Entertainment

Rumplestilskin goes hip-hop

The Innkeeper (Paul Raine) can hardy keep up with the culinary demands of his pampered Prince (Melissa Readman) in a rehearsal scene from Kelly Road Theatre’s production of Rumplestilskin: The R-Dawg Hip-Hop Minstrel. The show runs from Dec. 5 to 8. - Teresa MALLAM/Free Press
The Innkeeper (Paul Raine) can hardy keep up with the culinary demands of his pampered Prince (Melissa Readman) in a rehearsal scene from Kelly Road Theatre’s production of Rumplestilskin: The R-Dawg Hip-Hop Minstrel. The show runs from Dec. 5 to 8.
— image credit: Teresa MALLAM/Free Press

If you have a little time on your hands, teacher Audrey Rowell and her Kelly Road Theatre students have a yarn to tell you. Of course, they have put a new spin on it.

Kelly Road school’s Grade 11 and 12 drama students will present Rumplestilskin: The R-Dawg Hip-Hop Minstrel from Dec. 5 to 8 at the school.

Costumes and props are colourful and creative.

Adapted by playwright Bobby Keniston, the new storyline is absolutely hilarious and the actors’ antics will keep the audience in stitches.

Lucky for the pampered Prince played by Melissa Readman, there is plenty of oversized watermelon on hand when Innkeeper (Paul Raine) runs out of ideas about how to please his master. In this fractured fairy tale, Shelbi Schuk has the lead role of Stacy, the miller’s daughter, the village storyteller who it is rumoured spins straw into gold.

In the traditional children’s tale, the miller brags about his beautiful daughter’s special spinning talent and she ends up pledging her first born child. This twisted version of Rumplestilskin a happier ending.

Graeme MacKenzie has the title role of the fame-hungry, hip-hop artist with his gift for gab. Although he’s a relative newcomer to live theatre, MacKenzie has already been bitten by the acting bug. The Grade 11 student says the part is a perfect fit for him, given his sense of humour, talents and other interests.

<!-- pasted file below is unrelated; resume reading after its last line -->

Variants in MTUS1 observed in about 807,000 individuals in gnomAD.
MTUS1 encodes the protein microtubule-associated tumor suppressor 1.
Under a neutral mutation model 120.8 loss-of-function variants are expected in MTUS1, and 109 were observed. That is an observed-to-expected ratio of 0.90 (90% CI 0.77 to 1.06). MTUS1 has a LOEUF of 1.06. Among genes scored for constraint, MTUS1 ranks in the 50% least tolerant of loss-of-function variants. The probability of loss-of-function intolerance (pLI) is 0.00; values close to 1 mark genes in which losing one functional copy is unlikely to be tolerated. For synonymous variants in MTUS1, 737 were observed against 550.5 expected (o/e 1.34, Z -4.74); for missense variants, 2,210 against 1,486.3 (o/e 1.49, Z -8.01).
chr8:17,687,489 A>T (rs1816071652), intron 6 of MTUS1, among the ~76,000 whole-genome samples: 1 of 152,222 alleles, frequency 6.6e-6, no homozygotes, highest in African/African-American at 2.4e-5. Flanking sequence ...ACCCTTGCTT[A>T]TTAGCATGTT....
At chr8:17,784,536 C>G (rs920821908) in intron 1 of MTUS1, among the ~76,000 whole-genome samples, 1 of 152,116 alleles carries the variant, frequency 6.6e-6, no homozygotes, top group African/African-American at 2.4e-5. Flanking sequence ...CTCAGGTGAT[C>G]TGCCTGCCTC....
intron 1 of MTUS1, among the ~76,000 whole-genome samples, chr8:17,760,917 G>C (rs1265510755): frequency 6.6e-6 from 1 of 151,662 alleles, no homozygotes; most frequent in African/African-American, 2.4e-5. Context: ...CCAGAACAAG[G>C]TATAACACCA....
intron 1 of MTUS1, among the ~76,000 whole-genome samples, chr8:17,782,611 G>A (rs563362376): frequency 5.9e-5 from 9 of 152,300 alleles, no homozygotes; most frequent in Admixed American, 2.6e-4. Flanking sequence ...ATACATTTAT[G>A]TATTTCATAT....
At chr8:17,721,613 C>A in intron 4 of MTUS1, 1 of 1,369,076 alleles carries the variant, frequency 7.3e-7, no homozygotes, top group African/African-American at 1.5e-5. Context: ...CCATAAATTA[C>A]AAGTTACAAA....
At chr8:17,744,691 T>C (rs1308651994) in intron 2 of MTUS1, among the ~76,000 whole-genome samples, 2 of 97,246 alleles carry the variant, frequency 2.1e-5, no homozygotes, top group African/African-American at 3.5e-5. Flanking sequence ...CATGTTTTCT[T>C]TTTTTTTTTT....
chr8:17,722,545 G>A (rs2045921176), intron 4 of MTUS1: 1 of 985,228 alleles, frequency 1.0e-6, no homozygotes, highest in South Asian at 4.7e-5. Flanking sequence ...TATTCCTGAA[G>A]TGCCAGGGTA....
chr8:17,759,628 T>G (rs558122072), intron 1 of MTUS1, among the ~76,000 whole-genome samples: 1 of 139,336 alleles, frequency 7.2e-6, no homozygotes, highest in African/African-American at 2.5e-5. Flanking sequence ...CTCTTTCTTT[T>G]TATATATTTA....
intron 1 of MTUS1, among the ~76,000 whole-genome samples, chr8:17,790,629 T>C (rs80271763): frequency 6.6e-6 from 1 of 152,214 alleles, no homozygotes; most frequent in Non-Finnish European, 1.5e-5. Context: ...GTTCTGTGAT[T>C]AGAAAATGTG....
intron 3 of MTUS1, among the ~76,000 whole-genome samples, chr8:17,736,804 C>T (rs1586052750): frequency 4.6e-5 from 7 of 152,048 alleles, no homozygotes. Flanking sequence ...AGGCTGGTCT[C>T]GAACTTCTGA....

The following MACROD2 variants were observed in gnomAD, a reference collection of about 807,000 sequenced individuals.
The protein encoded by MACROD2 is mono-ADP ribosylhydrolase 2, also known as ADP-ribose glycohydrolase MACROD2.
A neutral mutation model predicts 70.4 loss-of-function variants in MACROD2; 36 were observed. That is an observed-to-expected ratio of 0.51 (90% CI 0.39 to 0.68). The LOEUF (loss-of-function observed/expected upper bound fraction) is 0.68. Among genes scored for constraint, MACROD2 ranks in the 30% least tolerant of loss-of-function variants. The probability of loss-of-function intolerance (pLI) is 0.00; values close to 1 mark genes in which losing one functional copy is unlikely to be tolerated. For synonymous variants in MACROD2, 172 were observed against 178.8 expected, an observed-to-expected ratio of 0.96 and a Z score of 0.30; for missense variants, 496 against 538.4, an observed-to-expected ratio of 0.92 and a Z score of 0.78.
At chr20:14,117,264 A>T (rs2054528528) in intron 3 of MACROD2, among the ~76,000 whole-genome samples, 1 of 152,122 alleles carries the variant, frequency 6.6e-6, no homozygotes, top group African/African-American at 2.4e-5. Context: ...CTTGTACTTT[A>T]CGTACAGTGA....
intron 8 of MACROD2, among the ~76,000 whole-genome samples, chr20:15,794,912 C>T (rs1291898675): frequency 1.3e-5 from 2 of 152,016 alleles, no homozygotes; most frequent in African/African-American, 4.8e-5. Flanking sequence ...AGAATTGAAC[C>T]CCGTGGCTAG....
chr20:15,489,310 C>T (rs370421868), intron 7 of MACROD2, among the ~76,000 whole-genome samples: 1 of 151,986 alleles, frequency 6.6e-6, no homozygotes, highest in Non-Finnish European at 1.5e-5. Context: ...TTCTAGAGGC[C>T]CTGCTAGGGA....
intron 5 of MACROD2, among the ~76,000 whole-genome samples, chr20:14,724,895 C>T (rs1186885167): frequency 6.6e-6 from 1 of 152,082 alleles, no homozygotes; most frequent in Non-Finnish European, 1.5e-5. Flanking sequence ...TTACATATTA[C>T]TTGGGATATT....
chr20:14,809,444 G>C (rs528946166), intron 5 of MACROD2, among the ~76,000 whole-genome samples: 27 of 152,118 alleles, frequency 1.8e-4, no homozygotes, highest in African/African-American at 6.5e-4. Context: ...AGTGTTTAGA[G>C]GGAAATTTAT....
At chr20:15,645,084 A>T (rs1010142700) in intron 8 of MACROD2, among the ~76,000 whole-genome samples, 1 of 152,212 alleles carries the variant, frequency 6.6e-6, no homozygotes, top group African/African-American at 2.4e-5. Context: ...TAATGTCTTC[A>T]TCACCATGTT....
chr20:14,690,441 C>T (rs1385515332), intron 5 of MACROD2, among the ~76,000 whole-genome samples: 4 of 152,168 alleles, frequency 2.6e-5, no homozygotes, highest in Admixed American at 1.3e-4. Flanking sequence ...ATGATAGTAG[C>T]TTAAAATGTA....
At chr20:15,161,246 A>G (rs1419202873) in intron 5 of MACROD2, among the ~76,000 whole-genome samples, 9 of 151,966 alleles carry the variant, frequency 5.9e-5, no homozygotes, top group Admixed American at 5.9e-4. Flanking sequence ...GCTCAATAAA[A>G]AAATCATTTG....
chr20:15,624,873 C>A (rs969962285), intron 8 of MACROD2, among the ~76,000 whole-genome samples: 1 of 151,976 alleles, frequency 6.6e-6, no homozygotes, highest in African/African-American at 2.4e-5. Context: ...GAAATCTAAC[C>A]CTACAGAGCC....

“I’m taking dance classes and I also like public speaking. So this part gives me an opportunity do both of those. This is my first real stage role.”

Why did he audition?

“I heard the lead guy in the play was a rapper and his costume get up had lots of bling – and I like that. So I thought I’d give it a try. It seemed an interesting role to me. In my rapper role, I act as the narrator explaining the scenes through rhymes so that during scene sets, I am letting people know what’s going on in the play.”

The interludes act as a device to detract the audience from set changes.

“Mrs. Rowell [artistic director], doesn’t like curtains opening and closing a lot because she likes the audience to stay focussed on the play. So I keep them amused while the set changes are going on. “

Each student has their time to shine in the spotlight, he says.

“Everyone has an actual speaking role in this, they all have roles, they’re not just involved as backstage or technical crew.”

Does he think acting has helped him?

“Drama has definitely been a good experience for me and I would recommend it to anyone. I mean, we’re all as weird as the next person (he laughs) when it comes down to it. So why not?”

Kelly Road Theatre presents: Rumplestilskin The R-Dawg Hip-Hop Minstrel Dec. 5 to 8. Doors open at 6:30 p.m. Curtains at 7 p.m. Rush seating. Tickets sold at the door. General admission $10, students and seniors, $5, Children under 12, $2.

 

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